The plot thickens, bringing us back to Sussman and the Rufus Corporation.

Eve Sussman | Rufus Corporation, Erin as María, production still from 89 Seconds at Alcázar, 2004; High-definition video installation; Image courtesy of Eve Sussman | Rufus Corporation, photo by Benedikt Partenheimer for the Rufus Corporation

Eve Sussman | Rufus Corporation, Erin as María, production still from 89 Seconds at Alcázar, 2004; High-definition video installation; Image courtesy of Eve Sussman | Rufus Corporation, photo by Benedikt Partenheimer for the Rufus Corporation

When Eve Sussman saw Velázquez’s Las Meninas at the Museo Nacional del Prado, she too was prompted to reimagine a painting that itself reimagined Van Eyck’s earlier work.

However, Sussman and the Rufus Corporation approached their journey into shifting spectatorship with a new medium and a new dynamic viewing perspective. And while the subject matter appropriates content from Velázquez’s work, Sussman describes 89 Seconds as “. . . about activating the viewpoint of the camera, so you see it’s not Las Meninas—it’s something different.”²

To learn more, visit NMWA on Wednesday, August 3, at noon for our weekly staff-led gallery talks. Associate Curator Virginia Treanor will facilitate a 30-minute conversation about 89 Seconds at Alcázar—join us during your lunch break, and return each Wednesday for up-close views of the other works in Total Art: Contemporary Video, on view at NMWA through October 12.

—J. Rachel Gustafson is a curatorial fellow at the National Museum of Women in the Arts.

Notes:
1. Blake Gopnik, “Shifting Through the Whitney: Eve Sussman,” in the Washington Post, March 14, 2004. (http://www.rufuscorporation.com/wapost.jpg)
2. Eve Sussman as quoted in Carol Kino, “In the Studio: Eve Sussman,” in Art + Auction, July 2006. (http://www.rufuscorporation.com/anauc.html)

Virtuoso Volunteers, Dedicated Docents

Walk through the doors of the National Museum of Women in the Arts, and chances are the first thing you will see is the smiling face of a volunteer. Here to serve as welcoming representatives and knowledgeable sources of information, NMWA’s dedicated volunteer corps is essential to the daily operations of the institution.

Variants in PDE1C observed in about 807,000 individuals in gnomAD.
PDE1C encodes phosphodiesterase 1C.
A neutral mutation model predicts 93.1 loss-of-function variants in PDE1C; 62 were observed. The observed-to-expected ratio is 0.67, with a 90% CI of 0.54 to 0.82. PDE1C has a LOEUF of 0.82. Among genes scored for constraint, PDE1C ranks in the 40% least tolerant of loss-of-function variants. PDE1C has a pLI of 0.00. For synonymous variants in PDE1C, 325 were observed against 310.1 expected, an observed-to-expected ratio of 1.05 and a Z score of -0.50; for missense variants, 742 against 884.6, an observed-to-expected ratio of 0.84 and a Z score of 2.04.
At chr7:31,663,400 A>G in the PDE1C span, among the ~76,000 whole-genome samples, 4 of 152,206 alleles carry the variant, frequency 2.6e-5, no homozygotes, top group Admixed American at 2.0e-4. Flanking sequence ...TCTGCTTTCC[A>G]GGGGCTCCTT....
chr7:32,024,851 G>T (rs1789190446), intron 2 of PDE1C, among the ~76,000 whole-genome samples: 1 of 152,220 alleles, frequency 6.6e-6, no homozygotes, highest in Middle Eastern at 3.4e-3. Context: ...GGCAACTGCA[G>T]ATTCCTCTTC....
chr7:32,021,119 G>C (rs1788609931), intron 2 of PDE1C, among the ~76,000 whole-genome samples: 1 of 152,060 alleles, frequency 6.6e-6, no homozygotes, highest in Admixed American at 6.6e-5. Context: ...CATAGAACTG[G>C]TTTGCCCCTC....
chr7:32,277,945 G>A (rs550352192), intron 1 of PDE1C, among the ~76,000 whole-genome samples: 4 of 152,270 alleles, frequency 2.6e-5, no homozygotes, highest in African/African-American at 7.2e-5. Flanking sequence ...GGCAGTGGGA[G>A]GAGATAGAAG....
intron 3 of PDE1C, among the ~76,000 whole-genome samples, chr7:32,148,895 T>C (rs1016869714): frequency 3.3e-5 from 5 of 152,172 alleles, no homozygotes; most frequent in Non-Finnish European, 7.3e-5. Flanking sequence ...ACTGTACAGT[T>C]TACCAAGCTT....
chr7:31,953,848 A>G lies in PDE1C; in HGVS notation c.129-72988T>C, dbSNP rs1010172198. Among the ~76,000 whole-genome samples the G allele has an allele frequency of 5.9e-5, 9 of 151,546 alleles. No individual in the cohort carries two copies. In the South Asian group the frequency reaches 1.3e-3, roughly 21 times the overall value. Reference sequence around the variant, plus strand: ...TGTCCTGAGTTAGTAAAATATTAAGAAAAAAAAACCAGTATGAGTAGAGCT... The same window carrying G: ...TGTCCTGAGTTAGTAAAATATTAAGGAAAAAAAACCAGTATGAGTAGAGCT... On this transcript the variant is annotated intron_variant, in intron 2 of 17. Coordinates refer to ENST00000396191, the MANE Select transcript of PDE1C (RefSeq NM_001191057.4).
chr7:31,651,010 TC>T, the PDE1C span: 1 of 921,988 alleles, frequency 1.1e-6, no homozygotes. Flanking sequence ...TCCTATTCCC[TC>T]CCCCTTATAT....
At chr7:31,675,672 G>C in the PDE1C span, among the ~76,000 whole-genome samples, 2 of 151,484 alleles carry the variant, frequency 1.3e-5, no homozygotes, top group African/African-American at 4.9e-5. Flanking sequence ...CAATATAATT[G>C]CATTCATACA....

Volunteers have a variety of reasons for devoting their time and skills to supporting NMWA, though one shared motivation is a commitment to the museum’s mission of redefining traditional histories of art. As Josephine Cabatu, current visitor experience volunteer and docent-in-training, says, “NMWA’s mission to bring recognition to the achievements of women artists said it all for me. I wanted to be a part of this mission.” Others cite the opportunity to draw on their experiences as a motivating factor in their decision to volunteer. Erin Garland, another visitor experience volunteer and docent-in-training, says that in addition to loving the museum’s mission, she is excited to use her background in teaching. Volunteering as a docent, she says, “combines my love of art and teaching.”

Volunteers have the opportunity to learn in-depth information about NMWA's collection and exhibitions

Volunteers have the opportunity to learn in-depth information about NMWA’s collection and exhibitions

Volunteers have the opportunity to become well acquainted with NMWA’s collection, and many gravitate toward specific works over time. Erin is partial to Lady in an Evening Dress by Lilla Cabot Perry, as it served as her inspiration for a project as a costume design major in college, while docent Marilyn Cohen favors Portrait of a Noblewoman by Lavinia Fontana because of its rich details, which she enjoys sharing with visitors during tours. Josephine, who is currently taking part in the eight-month docent training program, says that “because of the NMWA docent training I am undergoing, works now strike me in such different ways and for different reasons that I don’t know how to consider a ‘favorite’ at the moment.”

NMWA’s volunteer corps builds camaraderie while supporting the museum’s mission

NMWA’s volunteer corps builds friendships and camaraderie while supporting the museum’s mission

What’s the best part of being a NMWA volunteer? That depends on whom you ask. Ed Williams, who has been a docent for 18 years, says that for him, “the best part of being a docent is meeting people from all over the world and introducing them to our marvelous collection.” Erin also finds that her interactions with visitors are what make her time at NMWA so meaningful: “Our visitors are wonderful! I’ve had so many interesting conversations about artists, works in the collection, and their experiences. I haven’t experienced this level of conversation at other museums where I’ve volunteered. I think it speaks to the connection and value our visitors place on the museum.” For Marilyn, the highlight of her ten years as a docent is the camaraderie and friendships forged between the volunteers. Sarah Cosgrove Gaumond began as a visitor experience volunteer in January 2014 and says of her experience at NMWA, “I love every part of it.”

Learn more about volunteering at NMWA!

—Olivia Mendelson is the education intern at the National Museum of Women in the Arts.